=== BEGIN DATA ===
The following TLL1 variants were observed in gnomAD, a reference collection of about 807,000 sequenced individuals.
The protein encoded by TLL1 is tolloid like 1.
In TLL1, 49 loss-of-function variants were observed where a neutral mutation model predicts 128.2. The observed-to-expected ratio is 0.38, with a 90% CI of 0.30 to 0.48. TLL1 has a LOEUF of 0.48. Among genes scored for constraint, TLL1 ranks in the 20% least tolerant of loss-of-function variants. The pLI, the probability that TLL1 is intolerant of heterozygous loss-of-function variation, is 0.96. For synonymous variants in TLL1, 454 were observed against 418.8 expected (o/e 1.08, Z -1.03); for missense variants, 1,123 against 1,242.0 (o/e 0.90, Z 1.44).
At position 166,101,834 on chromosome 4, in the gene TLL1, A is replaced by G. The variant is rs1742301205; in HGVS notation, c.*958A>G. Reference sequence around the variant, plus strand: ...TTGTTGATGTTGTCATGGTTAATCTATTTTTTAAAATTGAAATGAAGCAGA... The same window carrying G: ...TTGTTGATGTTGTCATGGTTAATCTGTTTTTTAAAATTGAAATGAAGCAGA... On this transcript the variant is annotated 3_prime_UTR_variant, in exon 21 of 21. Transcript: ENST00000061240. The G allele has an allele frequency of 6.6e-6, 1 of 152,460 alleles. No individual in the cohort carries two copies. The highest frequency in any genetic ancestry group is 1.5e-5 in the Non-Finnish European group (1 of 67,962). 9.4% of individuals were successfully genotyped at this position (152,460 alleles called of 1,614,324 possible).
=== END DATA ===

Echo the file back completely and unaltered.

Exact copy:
The following TLL1 variants were observed in gnomAD, a reference collection of about 807,000 sequenced individuals.
The protein encoded by TLL1 is tolloid like 1.
In TLL1, 49 loss-of-function variants were observed where a neutral mutation model predicts 128.2. The observed-to-expected ratio is 0.38, with a 90% CI of 0.30 to 0.48. TLL1 has a LOEUF of 0.48. Among genes scored for constraint, TLL1 ranks in the 20% least tolerant of loss-of-function variants. The pLI, the probability that TLL1 is intolerant of heterozygous loss-of-function variation, is 0.96. For synonymous variants in TLL1, 454 were observed against 418.8 expected (o/e 1.08, Z -1.03); for missense variants, 1,123 against 1,242.0 (o/e 0.90, Z 1.44).
At position 166,101,834 on chromosome 4, in the gene TLL1, A is replaced by G. The variant is rs1742301205; in HGVS notation, c.*958A>G. Reference sequence around the variant, plus strand: ...TTGTTGATGTTGTCATGGTTAATCTATTTTTTAAAATTGAAATGAAGCAGA... The same window carrying G: ...TTGTTGATGTTGTCATGGTTAATCTGTTTTTTAAAATTGAAATGAAGCAGA... On this transcript the variant is annotated 3_prime_UTR_variant, in exon 21 of 21. Transcript: ENST00000061240. The G allele has an allele frequency of 6.6e-6, 1 of 152,460 alleles. No individual in the cohort carries two copies. The highest frequency in any genetic ancestry group is 1.5e-5 in the Non-Finnish European group (1 of 67,962). 9.4% of individuals were successfully genotyped at this position (152,460 alleles called of 1,614,324 possible).